Slowly I continue to gather together the year that each of our pre-1978 members joined. This data was lost in the fire but the early ASA journals and then the older ASA newsletters give lists of "new members." Since student members were seldom listed, most of these dates are when people became full members. I plan to list the five-year anniversaries between 50 and 25 years one at a time in this bimonthly newsletter. In the last issue, I named our 50-year living members. This issue includes those who have been ASAers for 45 years. Members could have dropped out and rejoined but I would have no record of that. Those listed as a new member in 1956 are: Austin F. Anthis, Richard B. Barrueto, George H. Blount, Neal O. Brace, George R. Douglas, Jr., Stanley H. Horton, David O. Moberg, Nicholas J. Tavani, Sr., and Robert E. Vander Vennen. Congratulations on your forty-fifth year!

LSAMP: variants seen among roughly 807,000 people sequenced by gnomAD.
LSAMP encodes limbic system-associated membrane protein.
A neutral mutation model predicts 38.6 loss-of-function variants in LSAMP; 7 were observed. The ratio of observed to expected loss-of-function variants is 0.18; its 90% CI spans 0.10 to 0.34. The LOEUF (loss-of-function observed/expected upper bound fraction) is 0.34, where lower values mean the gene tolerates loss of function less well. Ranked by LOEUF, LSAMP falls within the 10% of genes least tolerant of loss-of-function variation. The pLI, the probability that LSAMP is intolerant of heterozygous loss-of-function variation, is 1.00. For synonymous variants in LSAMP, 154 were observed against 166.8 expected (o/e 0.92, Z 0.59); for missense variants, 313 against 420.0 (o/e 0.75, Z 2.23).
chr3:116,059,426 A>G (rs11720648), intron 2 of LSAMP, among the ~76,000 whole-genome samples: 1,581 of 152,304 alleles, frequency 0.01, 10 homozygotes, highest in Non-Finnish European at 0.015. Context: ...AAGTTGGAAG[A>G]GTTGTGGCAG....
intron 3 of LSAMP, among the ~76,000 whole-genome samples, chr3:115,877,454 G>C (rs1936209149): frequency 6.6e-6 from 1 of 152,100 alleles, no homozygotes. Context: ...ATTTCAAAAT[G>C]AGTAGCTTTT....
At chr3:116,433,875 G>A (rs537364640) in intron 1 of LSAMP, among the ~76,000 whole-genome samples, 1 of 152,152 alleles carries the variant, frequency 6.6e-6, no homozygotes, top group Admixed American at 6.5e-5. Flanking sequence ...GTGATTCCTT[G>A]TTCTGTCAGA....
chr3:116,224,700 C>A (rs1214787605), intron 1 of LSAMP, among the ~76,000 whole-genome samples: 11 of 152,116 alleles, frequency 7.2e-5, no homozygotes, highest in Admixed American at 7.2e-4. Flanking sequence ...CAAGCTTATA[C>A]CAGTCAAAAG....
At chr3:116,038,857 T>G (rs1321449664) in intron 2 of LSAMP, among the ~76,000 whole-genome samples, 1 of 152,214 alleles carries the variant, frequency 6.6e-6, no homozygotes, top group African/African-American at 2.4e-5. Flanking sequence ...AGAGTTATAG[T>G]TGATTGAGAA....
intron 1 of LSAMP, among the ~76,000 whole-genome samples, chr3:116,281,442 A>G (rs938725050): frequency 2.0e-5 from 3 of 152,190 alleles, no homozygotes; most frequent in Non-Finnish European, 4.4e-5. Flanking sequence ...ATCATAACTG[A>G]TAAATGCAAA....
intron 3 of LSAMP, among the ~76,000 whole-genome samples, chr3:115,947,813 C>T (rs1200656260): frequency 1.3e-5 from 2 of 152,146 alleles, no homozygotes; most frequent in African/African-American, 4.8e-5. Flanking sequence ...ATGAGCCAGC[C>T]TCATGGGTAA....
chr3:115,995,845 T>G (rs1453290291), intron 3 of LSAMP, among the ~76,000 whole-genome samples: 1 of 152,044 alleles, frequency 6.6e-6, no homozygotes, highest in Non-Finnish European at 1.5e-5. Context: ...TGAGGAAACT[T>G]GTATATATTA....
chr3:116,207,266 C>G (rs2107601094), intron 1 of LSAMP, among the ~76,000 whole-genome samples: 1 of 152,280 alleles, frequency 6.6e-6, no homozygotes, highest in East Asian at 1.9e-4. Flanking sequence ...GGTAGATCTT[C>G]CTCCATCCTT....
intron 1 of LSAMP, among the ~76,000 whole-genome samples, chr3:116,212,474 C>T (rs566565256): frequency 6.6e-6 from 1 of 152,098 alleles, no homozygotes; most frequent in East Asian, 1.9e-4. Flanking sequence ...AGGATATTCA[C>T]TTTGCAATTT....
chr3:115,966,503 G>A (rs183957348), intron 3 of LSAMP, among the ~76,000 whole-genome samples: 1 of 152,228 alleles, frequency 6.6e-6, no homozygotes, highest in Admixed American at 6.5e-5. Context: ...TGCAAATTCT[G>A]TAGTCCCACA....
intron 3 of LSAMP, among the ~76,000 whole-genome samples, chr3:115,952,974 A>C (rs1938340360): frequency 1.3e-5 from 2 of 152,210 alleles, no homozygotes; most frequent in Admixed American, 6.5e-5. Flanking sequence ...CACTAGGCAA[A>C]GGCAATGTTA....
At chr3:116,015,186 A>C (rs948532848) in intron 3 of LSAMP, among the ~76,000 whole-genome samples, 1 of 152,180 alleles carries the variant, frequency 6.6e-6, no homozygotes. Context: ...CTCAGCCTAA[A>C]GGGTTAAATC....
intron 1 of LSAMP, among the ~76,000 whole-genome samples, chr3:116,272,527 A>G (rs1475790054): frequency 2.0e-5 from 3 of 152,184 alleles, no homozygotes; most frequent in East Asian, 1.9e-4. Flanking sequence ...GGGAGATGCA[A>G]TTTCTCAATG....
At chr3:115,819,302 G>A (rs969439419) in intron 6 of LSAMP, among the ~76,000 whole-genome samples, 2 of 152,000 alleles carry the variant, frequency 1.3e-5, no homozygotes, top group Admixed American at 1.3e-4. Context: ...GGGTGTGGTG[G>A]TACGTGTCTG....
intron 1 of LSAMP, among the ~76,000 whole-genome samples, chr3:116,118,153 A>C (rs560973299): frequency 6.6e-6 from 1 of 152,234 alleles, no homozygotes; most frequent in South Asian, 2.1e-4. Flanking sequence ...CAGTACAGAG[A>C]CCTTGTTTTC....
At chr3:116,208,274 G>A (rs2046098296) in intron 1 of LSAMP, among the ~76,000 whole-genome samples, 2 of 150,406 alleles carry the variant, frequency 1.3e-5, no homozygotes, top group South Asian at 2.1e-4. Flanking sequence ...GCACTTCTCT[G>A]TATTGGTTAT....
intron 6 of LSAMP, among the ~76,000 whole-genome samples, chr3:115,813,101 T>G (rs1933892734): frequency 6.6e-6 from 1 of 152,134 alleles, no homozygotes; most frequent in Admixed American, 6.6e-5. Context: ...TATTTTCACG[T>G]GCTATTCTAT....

From time to time I receive interesting requests such as the one that came the other day. An ASA member in CA is moving and cannot take his ASA journals with him. He has an almost complete collection from 1958 onward and disliked throwing them out. He asked me if ASA or someone else would like them. There are many interesting materials in these older journals. I keep a complete collection right beside my desk and plan eventually to leave it here for ASA. If you know a college library (or a person) that would like to fill in their collection, please let me know. If I can have such a list on hand, then I could try to match donor with recipient. So please do not throw those journals away until you check with me.